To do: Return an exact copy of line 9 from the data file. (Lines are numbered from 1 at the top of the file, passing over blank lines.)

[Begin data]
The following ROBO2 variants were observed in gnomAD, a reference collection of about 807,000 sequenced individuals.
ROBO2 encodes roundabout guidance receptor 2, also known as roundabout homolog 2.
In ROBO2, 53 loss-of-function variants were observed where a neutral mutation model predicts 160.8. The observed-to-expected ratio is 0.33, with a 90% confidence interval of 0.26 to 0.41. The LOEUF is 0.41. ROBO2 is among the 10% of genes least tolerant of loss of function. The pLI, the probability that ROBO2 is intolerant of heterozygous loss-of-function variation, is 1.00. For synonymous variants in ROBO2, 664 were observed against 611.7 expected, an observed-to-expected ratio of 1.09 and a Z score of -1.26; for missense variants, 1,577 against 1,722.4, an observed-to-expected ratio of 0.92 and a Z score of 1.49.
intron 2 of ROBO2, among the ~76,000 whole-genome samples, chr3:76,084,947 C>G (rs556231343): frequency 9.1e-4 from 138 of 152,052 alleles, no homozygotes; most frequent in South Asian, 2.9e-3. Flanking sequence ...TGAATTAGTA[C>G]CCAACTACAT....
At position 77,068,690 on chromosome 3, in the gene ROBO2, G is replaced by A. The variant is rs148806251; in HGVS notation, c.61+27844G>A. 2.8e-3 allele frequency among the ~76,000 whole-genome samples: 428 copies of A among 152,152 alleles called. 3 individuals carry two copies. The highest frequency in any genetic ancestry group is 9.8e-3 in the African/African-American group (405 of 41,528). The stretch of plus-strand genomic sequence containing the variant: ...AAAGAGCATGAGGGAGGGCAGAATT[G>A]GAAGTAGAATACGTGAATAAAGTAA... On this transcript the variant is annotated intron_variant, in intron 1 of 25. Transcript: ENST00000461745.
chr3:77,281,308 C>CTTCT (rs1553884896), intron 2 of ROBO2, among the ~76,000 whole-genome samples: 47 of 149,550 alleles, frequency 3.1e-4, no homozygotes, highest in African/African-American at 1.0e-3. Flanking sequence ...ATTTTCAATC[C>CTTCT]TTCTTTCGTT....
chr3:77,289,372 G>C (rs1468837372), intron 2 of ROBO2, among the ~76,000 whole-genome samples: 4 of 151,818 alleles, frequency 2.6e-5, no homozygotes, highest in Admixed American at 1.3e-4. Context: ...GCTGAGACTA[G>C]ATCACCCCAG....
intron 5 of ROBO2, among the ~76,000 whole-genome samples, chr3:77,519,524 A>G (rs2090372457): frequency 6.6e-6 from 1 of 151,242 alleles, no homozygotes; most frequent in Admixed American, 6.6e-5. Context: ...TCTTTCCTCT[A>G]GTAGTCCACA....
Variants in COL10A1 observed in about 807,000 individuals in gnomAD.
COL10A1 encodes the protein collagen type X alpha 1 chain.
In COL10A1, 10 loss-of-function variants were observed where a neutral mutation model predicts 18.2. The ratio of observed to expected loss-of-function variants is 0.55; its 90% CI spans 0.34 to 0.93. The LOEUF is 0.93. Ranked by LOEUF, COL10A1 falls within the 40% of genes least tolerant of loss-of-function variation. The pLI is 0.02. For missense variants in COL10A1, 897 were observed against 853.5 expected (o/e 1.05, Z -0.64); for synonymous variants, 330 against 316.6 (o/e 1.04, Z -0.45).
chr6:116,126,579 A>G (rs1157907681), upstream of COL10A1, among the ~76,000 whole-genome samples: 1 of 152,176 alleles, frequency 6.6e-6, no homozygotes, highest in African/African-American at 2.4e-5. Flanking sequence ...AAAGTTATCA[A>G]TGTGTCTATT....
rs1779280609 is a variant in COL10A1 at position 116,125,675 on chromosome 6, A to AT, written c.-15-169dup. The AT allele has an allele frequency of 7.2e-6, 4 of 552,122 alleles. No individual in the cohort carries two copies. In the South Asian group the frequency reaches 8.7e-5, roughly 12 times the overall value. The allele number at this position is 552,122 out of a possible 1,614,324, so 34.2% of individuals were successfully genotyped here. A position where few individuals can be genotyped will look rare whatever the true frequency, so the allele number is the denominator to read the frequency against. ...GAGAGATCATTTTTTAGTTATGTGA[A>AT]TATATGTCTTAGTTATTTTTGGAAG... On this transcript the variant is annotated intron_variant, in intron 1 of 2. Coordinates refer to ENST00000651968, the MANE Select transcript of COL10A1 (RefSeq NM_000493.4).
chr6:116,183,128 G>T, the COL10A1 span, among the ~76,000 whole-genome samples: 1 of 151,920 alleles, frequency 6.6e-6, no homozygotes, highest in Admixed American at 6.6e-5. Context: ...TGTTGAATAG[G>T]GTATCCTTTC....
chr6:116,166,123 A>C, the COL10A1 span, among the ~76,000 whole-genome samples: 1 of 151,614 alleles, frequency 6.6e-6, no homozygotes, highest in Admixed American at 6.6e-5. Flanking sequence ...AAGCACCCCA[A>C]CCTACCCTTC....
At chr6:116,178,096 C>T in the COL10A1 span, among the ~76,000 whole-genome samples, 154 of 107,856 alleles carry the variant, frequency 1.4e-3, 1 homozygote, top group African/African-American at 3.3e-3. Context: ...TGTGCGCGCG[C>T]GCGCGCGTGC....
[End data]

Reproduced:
Variants in COL10A1 observed in about 807,000 individuals in gnomAD.